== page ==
Table of Contents

How Do I Know If a Campaign Is Good or Bad?

What Makes a Campaign “Good” or “Bad”?

Campaigns do a broad array of things, so we’ll look at multiple metrics and CaliberMind products to determine whether a campaign is good or bad. In the past, I’ve used a multi-metric approach to great success for tradeshows and other costly in-person events. I now use this method to defend community partnerships and other co-branded plays that have a decent investment attached to them.

The spreadsheet contained the campaign name in column A, and then we populated the following:

  • Date of Campaign
  • Campaign Cost
  • Number of qualified leads
  • “Sourced" opportunities
  • Multi-Touch Pipeline
  • Multi-Touch Bookings
  • ROI (MTA Bookings)
  • Qualitative Feedback from Sales

Field marketers pointed out that some events looked terrible when it came to lead generation, but the salespeople raved about them. The spreadsheet helped us separate the events that felt good (suitable venue, fun conversations) but didn’t perform well. That enabled us to repeat and focus on the most beneficial campaigns and brainstorm new events to replace the bad.

An example would look something like this:

example spreadsheet grading events
This method does not represent awareness plays well.
We’re presenting an opportunity to use multiple models as a proxy for campaign effectiveness. It’s important to note that adding dollars from multiple models will multiply pipeline results far beyond what actually happened. We’re not reporting the dollars as a precise result. Instead, we look at the results as benchmarks to determine whether something appears to have “worked” well.

I still use the above method for more expensive tactics. For digital advertising, I use a multi-touch attribution model to determine return on ad spend (more on that here) and then use funnel pressure and trigger reports to determine if the campaigns had an early funnel impact that isn’t translating into pipeline yet. This also helps me see whether I’m attracting the right audience and will ever see ROI. 

For early awareness plays, the impact is more intangible. For example, we can watch early indicators like engagement for increased website traffic volume and other content consumption when branding changes or PR occurs. 

While we’ve given you a comprehensive outline of where to look for different kinds of campaigns, you can judge them by as many or as few factors as you’d like–just remember that awareness plays and sales engagement plays are likely to be hard to defend if you’re only looking at lead volume and sourcing (last touch) data.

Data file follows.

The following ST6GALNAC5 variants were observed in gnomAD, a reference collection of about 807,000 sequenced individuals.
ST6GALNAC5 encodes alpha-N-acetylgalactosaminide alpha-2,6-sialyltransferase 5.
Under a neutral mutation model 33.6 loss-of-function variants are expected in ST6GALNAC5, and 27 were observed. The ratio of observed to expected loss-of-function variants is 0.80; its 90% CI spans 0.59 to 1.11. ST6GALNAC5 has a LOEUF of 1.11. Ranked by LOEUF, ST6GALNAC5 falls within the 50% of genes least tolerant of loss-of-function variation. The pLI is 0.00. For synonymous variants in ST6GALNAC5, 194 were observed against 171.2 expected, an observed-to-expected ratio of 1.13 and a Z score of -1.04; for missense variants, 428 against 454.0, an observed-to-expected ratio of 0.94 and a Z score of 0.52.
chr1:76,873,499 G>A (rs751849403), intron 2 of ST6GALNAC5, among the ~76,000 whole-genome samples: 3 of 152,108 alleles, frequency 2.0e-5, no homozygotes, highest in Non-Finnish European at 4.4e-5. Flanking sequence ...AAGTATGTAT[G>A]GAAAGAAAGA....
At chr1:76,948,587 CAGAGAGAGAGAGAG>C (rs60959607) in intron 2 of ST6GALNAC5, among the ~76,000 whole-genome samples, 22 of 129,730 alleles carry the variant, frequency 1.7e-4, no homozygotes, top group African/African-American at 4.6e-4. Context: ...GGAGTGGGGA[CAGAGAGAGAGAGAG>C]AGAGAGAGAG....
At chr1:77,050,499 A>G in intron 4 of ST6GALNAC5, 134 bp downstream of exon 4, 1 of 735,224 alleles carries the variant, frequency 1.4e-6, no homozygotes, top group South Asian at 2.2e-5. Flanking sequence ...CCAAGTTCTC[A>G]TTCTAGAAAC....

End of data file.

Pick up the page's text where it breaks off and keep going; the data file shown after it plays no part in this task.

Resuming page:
Using Attribution to Understand Campaign Impact

Different models answer different questions (which we go into more detail here). 

Keep in mind that if you’re using multiple models, adding the data points will lead to over-reporting pipeline and bookings.
Campaign Influence / Pipeline & Bookings

We suggest using a single multi-touch model that looks at both pre- and post-opportunity data (either even-weighted or chain-based) to estimate total influenced (both pre-opportunity and post-opportunity) dollars. Using these models, we can separate which campaigns are good at getting people to engage with sales (pre-opportunity) from those that are good at getting people to re-engage or stay engaged with sales (post-opportunity).

Our webinars are a tool for sales to keep in-flight opportunities engaged. Some topics are appealing enough to lure people in. We’d likely repeat ROC (RevOps Co-Op) related events and certification courses. We’d also repeat the back-to-basics boot camp format.

webinar performance by pipeline
ROI Estimates

Our ROI reports in Insights look at the campaign spend data you have entered in your CRM or are listed against each campaign in your advertising platform. Then, we calculate how much bookings the associated touch is responsible for using whichever model you select. We recommend a model that views pre- and post-opportunity touches to demonstrate the full impact of events that tend to keep deals propelling forward (like webinars and in-person events).

Check out this article for more on what a good or bad ROI result looks like.

Demand Generation Statistics

Instead of assigning dollars to evaluate opportunities sourced and accounts sourced, we suggest starting single-touch models and representing the campaign’s impact. In this case, we recommend a middle touch model or the last thing that happened before opportunity creation (as CaliberMind defines it).

If you have the Funnels product, this is an ideal time to use it!
Lead Generation Statistics

Instead of assigning dollars to evaluate opportunities sourced and accounts sourced, we suggest starting single-touch models and representing the campaign’s impact. For example, a First-Touch model can be impactful if you want to understand which campaigns are the best at building awareness. 

If you have the Funnels product, this is an ideal time to use it!

Using Funnels to Understand Campaign Impact